... point to that fact. The only mistake, and this was shared by all who participated in the Treaty of Berlin alike, was the assumption that Bulgaria herself would allow this to be done. It only developed later what a stiff-necked ...
— The Story of the Great War, Volume I (of 8) - Introductions; Special Articles; Causes of War; Diplomatic and State Papers • Various

... Assistant shook his head. "I have seldom seen," he said, "a more stiff-necked and perverse offender, and one more ...
— The Knight of the Golden Melice - A Historical Romance • John Turvill Adams

... the information. I'm afraid this has been a lot of bother for you," he said stiffly, gave her a ceremonious little bow, and went his way stiff-necked and frowning. ...
— Good Indian • B. M. Bower

... Rutherford temper developed in the Princess as she grew older. Mrs. Swaney was Juanita Sinclair; her father was a mild-mannered little man, who went out of doors to cough, but her mother was a Rutherford—a big, stiff-necked, beer-bottle-shaped woman, who bossed the missionary society until she divided the church. John Swaney, who is not a talkative man, once got in a crowd at Smith's cigar-store where they were telling ghost stories, and his contribution to the horror of the occasion was a relating ...
— In Our Town • William Allen White

... and besides, if we look into the thing closely, we shall find that the term Philistine conveys a sense which [99] makes it more peculiarly appropriate to our middle class than to our aristocratic. For Philistine gives the notion of something particularly stiff-necked and perverse in the resistance to light and its children, and therein it specially suits our middle-class, who not only do not pursue sweetness and light, but who prefer to them that sort of machinery of business, chapels, tea meetings, and addresses from Mr. Murphy and the Rev. ...
— Culture and Anarchy • Matthew Arnold

... coherent reply; he was engaged in feeling his pulse. The Duke fixed his attention with some interest on a black swan that was swimming with haughty, stiff-necked aloofness amid the crowd of lesser water-fowl that dotted the ornamental water. For all its pride of bearing, something was evidently ruffling and enraging it; in its way it seemed as angry and amazed ...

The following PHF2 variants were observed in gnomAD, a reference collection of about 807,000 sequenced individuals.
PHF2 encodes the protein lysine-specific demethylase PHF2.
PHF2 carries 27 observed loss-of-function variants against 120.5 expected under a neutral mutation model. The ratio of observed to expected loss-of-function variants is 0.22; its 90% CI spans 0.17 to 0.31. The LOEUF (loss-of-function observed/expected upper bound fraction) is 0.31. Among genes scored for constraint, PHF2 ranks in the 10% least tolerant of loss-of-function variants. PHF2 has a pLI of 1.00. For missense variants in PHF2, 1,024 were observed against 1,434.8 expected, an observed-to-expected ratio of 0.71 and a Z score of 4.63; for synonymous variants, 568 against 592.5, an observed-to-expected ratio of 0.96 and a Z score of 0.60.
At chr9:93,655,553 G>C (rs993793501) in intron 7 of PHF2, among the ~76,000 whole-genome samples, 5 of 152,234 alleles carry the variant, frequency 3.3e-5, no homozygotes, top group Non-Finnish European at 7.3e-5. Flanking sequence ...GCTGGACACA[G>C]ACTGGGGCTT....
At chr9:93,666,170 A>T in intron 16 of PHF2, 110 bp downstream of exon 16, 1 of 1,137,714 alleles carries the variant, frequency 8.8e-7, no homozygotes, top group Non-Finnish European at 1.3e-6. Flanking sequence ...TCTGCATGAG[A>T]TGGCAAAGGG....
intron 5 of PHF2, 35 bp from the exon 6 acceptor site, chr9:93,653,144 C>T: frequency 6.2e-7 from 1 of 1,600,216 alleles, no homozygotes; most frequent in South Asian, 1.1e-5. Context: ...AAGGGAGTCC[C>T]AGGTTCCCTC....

— The Chronicles of Clovis • Saki

... of slipper-heels upon the hardwood; and he turned from staring, puzzled, after the stiff-necked Manuel, and gave the girl a smile such as a man reserves for the woman who has entered ...
— The Gringos • B. M. Bower

... undisciplined disaffection and wanton indocility, in this first attempt to get on in life. Many hours of the night I used to lie awake, thinking what plan I had best adopt to get a reliable hold on these mutineers, to bring this stiff-necked tribe under permanent influence. In, the first place, I saw plainly that aid in no shape was to be expected from Madame: her righteous plan was to maintain an unbroken popularity with the pupils, at any and every cost of justice or comfort to the teachers. ...
— Villette • Charlotte Bronte

... I address them, And humane Germany Almost falls on my neck in her anxiety to comply with my request; But the stiff-necked Entente, With an old-fashioned obstinacy reminiscent of the LINCOLN person at his worst, Merely utter joint and several sentiments The substance and effect of which appear to ...
— Punch, or the London Charivari, Vol. 152, January 3, 1917 • Various

... public business. The object of the association being to establish a harmonious society of persons of different religious sentiments, all intractable people shall be excluded from it, such as those in communion with the Roman See usurious Jews, English stiff-necked Quakers, Puritans, fool-hardy believers in the Millenium and obstinate modern pretenders ...
— Peter Stuyvesant, the Last Dutch Governor of New Amsterdam • John S. C. Abbott

... Pyren's with my living song. But bounded thus, to Scotland get you forth! Thence take you wing unto the Orcades! There let my verse get glory in the north, Making my sighs to thaw the frozen seas. And let the bards within that Irish isle, To whom my Muse with fiery wings shall pass, Call back the stiff-necked rebels from exile, And mollify the slaughtering gallowglass; And when my flowing numbers they rehearse, Let wolves and bears be ...
— Elizabethan Sonnet Cycles - Idea, by Michael Drayton; Fidessa, by Bartholomew Griffin; Chloris, by William Smith • Michael Drayton, Bartholomew Griffin, and William Smith